This one has taken its own time coming. I had intended this for a couple of months back but something else kept catching my fancy. But then a podcast I heard on BDWPS catalysed my finally writing this piece. There was a bit on Black Sabbath (no, there is only one other, albeit trivial, relationship to this post) on that podcast, on how they had a few more layers to their sound that they’re generally given credit for. Musically and lyrically, it would be a terrible thing to compare Bruce Springsteen to Sabbath. You see, for a lot of people around me, Springsteen’s associated with big, hard rock ’n roll. Having heard the man for so many years and over a large number of songs, that image couldn’t be further from the truth. So that portion on Sabbath was the kick I needed to complete this post showcasing the Boss on slow-burn. And even in that, the man displays so many facets to his music and writing.
The defining characteristic of Springsteen’s music is his storytelling. His portraits of characters make him a Charles Dickens of the music world. The musical roller-coaster of “Racing In The Street” – with its quiet piano gradually getting strengthened by the organ, drums, bass to rise and then fall and again to build up towards the end – carries the despair of the woman who
sits on the porch of her daddy’s house
But all her pretty dreams are torn
She stares off alone into the night
With the eyes of one who hates for just being born
In his songs he wraps the desperate hope and futility of the small time crook who has a “Meeting Across The River” in a masterpiece of storytelling set to a hypnotic jazz/pop tune on what, in my opinion, is one of the greatest popular music albums ever made
as also the chilling first person account of rampaging killer Charles Starkweather (and his girlfriend) on “Nebraska”.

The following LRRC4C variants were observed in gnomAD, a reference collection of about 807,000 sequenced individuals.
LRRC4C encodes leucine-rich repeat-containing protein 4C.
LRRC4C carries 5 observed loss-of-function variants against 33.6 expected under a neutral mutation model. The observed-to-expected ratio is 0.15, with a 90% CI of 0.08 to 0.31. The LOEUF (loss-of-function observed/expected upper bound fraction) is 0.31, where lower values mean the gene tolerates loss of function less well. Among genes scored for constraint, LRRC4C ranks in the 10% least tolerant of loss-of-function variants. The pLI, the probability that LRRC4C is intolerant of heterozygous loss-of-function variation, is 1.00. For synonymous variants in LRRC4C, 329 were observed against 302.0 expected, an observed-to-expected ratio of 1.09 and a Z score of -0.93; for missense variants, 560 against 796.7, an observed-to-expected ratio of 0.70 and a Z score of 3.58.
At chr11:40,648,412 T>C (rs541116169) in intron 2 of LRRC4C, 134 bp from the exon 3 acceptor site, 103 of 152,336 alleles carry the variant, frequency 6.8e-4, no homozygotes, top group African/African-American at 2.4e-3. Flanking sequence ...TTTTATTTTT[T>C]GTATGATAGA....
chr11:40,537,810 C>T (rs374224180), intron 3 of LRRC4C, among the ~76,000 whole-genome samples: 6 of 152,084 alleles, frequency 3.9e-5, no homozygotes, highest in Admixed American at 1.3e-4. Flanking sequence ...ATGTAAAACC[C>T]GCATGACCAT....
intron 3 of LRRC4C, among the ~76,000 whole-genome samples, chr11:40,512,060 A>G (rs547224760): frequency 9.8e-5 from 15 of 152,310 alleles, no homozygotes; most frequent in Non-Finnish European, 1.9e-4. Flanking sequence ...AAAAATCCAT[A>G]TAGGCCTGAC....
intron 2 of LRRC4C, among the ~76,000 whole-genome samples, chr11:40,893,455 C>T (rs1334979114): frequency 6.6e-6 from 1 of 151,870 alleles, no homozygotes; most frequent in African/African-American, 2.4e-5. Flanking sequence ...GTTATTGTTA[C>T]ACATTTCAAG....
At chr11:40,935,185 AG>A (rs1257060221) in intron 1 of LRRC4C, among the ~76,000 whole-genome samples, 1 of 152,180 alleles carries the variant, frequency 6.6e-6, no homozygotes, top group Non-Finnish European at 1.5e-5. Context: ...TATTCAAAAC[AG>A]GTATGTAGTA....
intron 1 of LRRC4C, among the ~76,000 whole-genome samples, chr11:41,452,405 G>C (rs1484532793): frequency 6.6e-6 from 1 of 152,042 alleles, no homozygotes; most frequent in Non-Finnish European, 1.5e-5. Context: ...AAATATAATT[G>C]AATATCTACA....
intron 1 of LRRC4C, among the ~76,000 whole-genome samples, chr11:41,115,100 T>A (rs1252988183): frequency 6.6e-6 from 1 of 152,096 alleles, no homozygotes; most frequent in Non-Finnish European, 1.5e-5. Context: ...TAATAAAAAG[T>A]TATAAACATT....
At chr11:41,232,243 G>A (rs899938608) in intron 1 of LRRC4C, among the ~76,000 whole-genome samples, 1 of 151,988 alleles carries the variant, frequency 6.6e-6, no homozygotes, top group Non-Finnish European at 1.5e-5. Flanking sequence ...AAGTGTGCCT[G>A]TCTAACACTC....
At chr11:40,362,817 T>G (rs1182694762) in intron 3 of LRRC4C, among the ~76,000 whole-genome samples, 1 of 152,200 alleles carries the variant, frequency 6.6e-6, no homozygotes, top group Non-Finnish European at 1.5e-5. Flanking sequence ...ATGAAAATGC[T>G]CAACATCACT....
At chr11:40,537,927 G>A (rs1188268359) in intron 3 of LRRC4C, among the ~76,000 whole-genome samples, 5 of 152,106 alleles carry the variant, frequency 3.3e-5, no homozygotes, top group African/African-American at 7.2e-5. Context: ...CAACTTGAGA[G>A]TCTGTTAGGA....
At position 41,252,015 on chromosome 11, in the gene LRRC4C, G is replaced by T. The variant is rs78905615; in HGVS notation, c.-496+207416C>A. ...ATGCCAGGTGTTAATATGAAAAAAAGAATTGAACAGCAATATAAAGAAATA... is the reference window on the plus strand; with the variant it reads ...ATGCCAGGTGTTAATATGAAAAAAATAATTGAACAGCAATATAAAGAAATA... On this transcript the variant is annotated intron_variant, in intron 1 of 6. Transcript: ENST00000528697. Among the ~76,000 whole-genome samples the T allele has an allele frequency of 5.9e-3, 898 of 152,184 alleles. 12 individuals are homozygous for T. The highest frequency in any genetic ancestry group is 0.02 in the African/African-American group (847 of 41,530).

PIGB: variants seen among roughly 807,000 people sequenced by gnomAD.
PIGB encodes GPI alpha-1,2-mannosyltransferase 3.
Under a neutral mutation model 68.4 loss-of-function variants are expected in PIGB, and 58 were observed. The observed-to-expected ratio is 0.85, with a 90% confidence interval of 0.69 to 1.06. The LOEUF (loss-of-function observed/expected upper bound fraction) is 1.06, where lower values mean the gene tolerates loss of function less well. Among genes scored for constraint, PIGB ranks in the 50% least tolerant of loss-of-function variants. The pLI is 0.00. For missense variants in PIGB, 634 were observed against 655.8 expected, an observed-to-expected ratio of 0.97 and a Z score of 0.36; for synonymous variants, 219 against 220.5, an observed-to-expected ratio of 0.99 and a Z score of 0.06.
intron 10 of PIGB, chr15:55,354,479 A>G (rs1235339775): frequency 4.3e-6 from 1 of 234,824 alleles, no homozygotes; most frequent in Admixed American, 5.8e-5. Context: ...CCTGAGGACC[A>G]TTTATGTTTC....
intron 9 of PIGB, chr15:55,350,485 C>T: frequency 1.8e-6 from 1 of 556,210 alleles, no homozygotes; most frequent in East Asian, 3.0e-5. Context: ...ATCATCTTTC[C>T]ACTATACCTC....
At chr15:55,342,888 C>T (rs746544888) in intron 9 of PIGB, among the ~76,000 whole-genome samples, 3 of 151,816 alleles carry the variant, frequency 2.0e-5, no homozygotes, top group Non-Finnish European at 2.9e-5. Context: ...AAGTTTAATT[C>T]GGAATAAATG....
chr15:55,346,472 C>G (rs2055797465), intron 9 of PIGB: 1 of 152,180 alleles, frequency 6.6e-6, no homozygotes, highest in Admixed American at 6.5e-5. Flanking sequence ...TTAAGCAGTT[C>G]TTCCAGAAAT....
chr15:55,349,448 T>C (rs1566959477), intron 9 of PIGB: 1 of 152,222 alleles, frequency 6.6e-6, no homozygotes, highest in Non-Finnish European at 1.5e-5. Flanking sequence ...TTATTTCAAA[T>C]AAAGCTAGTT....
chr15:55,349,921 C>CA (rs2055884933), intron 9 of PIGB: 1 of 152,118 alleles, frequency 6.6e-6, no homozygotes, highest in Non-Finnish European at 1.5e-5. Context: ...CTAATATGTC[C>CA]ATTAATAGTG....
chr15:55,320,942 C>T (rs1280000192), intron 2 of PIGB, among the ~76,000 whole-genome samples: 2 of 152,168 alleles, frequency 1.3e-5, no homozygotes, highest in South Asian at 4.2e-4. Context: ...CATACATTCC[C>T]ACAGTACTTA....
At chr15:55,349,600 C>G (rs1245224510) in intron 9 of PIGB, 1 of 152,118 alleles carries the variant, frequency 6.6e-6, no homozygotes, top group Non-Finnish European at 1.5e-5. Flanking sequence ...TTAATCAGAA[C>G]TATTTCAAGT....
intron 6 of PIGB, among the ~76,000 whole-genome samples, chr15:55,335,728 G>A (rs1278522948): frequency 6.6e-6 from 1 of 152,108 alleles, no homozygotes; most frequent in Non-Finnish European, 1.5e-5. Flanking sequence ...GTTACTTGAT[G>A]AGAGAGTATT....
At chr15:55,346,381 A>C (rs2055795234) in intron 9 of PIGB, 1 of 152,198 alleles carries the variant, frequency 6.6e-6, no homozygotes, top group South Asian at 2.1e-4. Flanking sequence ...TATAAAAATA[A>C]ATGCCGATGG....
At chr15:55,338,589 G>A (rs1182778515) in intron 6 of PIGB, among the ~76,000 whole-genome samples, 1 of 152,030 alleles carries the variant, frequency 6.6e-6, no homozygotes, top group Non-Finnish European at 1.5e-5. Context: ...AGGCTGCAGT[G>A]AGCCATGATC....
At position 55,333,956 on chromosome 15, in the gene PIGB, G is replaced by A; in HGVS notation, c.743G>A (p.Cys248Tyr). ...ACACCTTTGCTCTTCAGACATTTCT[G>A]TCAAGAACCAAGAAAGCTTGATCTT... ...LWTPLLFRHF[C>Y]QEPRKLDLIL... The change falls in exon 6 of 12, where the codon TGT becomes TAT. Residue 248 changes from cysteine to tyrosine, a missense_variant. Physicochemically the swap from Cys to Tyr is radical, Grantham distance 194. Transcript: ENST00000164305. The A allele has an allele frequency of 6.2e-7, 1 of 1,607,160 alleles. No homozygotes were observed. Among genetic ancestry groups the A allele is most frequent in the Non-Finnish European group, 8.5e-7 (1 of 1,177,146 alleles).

If he exudes raw sexuality on “Fire” (he never managed to get a proper hit out of it even though it landed a huge #2 on the charts for the Pointer Sisters) with its heavy use of the bass and his sweaty vocals, he brings out a surprising near-falsetto to tell a playful tale of teen lust (we’ve all been there, I’d like to think) with just a bit of wit and slyness on the country-flavoured “All I’m Thinkin’ About”.
Even an otherwise mediocre album like “Human Touch” has a few stand-outs. Lyrically the retrospection and cautionary message on “With Every Wish” don’t break any new ground. What I find endearing about this song is its beautiful use of the muted horn, layered on top of deft touches on the drums and bass.
This quieter mode of Springsteen has lent excellent voice to some superb movie soundtracks – the sombre “Dead Man Walking”, the sensual “Secret Garden” (a personal favourite) and the searingly touching “Streets Of Philadelphia”
I was bruised and battered, I couldn’t tell what I felt
I was unrecognizable to myself
Saw my reflection in a window and didn’t know my own face
Oh brother are you gonna leave me wastin’ away
On the streets of Philadelphia
These are just a few aspects of the music of a man who’s not been afraid to constantly change directions. I’ve not liked all those changes but I’ve always respected him for it. Some of you who read this blog have followed Springsteen’s music a lot and I’m sure you’ll have your own personal favourites. I hope the rest of you have found something here that you like.
P.S.: The trivial Springsteen-Sabbath connection – both of them in the early stages of their careers were in bands called ‘Earth’ (not the same I think, since they were at that time not on the same side of the Atlantic).